5 Minutes Prep - 2 Hour Interactive Lesson!
Many ESL teachers have told me that they are not allowed to teach about Easter. It’s true that there is a fine line between educating students about a culture and cultural indoctrination. Especially in beginner level ESL classes, students may misunderstand and feel the teacher is proselytizing.
If you’ve been reading past blog posts of mine, you may know that I spent a year in Germany as an exchange student. Germany has many religious holidays. When the university was closed on these holidays, I would try to find out what they were all about, but I never got a clear summary. Heilige Drei Könige, Christi Himmelfahrt... I still have no real sense of how they were traditionally celebrated or what they meant to the culture. It didn't matter that I wasn't Catholic or likely to share in the celebration, I just wanted to understand the culture!
Considering that most schools are closed on Good Friday and Easter Monday, I think it’s important to help students crack our cultural code by explaining the significance of these holidays.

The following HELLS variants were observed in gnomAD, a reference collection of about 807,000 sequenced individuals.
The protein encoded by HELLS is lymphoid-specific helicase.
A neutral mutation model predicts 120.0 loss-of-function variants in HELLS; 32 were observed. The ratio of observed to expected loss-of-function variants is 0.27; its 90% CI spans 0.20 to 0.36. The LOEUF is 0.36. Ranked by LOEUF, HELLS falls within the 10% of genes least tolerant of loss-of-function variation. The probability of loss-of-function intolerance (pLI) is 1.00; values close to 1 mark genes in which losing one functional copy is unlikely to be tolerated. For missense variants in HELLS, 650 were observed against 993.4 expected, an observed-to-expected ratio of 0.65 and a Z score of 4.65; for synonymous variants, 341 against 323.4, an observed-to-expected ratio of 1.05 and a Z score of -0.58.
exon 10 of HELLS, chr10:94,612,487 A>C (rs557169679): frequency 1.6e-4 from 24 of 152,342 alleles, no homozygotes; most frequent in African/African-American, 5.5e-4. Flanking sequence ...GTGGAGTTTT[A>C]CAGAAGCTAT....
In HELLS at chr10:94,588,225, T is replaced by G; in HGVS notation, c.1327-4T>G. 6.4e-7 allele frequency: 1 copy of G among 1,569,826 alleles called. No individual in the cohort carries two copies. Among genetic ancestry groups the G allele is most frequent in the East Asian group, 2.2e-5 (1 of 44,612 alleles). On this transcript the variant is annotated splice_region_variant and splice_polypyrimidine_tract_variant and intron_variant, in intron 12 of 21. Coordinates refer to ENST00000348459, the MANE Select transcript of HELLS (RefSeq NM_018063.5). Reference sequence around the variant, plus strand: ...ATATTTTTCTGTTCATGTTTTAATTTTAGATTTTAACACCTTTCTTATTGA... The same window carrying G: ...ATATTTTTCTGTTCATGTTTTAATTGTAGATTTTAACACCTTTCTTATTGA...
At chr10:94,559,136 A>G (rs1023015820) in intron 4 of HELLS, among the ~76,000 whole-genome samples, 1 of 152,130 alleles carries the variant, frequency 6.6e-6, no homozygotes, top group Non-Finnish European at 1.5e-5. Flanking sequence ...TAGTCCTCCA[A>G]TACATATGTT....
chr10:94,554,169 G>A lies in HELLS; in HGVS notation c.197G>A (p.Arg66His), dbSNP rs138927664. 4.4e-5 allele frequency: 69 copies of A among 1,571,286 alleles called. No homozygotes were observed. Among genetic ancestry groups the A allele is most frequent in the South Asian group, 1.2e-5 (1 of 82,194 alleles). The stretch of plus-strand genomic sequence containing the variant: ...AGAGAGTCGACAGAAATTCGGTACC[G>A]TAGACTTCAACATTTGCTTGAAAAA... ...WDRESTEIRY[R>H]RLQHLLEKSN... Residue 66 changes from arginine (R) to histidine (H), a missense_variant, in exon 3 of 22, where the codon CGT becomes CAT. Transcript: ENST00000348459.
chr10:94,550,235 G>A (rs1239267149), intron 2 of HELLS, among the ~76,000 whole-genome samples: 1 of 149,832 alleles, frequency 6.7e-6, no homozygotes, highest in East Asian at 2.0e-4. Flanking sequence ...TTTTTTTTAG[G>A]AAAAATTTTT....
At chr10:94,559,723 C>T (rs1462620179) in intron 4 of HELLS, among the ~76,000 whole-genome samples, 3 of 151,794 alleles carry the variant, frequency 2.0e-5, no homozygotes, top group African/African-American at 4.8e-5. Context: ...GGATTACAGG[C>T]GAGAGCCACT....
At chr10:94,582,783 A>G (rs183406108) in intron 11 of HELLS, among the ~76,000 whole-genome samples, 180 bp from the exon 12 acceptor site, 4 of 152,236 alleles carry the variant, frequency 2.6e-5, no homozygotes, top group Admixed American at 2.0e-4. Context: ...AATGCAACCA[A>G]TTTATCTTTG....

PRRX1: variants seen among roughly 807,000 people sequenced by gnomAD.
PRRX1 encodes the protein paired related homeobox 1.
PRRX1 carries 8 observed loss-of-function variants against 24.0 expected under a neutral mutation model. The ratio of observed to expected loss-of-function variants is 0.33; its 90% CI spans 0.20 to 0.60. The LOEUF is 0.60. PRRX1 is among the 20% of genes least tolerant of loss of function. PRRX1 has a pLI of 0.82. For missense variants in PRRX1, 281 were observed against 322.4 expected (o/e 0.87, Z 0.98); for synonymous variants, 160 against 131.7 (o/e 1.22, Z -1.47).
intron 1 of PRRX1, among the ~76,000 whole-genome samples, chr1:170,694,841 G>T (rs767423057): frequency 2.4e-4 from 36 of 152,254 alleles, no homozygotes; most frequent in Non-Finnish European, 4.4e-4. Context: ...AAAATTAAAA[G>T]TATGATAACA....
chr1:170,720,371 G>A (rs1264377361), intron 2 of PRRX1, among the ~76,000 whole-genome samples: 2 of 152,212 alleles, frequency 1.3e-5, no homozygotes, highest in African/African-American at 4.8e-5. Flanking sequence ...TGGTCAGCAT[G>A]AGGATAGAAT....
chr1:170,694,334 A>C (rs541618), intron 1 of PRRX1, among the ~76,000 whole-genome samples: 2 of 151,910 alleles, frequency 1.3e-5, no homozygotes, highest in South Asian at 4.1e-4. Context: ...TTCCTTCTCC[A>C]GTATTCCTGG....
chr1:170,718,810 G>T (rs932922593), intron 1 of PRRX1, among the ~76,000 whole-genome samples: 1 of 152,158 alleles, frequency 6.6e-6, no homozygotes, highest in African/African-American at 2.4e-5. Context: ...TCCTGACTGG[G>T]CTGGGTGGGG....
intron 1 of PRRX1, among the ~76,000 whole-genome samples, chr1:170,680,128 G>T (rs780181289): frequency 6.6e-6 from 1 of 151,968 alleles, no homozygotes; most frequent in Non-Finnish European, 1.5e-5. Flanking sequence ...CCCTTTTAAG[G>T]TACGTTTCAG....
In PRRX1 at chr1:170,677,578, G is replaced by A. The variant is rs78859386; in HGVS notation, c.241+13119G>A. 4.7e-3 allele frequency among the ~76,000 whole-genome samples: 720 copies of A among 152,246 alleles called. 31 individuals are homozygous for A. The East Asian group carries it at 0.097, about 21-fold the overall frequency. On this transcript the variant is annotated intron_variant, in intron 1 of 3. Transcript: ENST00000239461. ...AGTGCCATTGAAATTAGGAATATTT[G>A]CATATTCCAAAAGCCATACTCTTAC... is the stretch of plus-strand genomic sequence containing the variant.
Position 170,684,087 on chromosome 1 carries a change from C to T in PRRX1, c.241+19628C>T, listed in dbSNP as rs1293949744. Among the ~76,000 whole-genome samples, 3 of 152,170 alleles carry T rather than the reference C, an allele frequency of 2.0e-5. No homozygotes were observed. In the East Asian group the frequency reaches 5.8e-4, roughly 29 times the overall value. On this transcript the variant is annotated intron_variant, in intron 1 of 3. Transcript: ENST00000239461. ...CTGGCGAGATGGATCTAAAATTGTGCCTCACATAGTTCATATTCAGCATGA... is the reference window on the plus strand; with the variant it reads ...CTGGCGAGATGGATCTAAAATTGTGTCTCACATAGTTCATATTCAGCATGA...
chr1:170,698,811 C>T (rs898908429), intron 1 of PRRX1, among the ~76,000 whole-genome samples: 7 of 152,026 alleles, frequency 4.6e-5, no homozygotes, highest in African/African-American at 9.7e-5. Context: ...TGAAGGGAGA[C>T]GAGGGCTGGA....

And ultimately, Easter has both a religious and secular aspect. Many people who are not Christian also participate in painting eggs or having Easter egg hunts. Chocolate stores do a booming business. When I teach this holiday, I am careful to explain that we are learning about the cultural significance of the holiday, not trying to impose a religion on anyone.
I have books with Easter units that target low beginners and ones for mid beginner and intermediate ESL. Here are some links: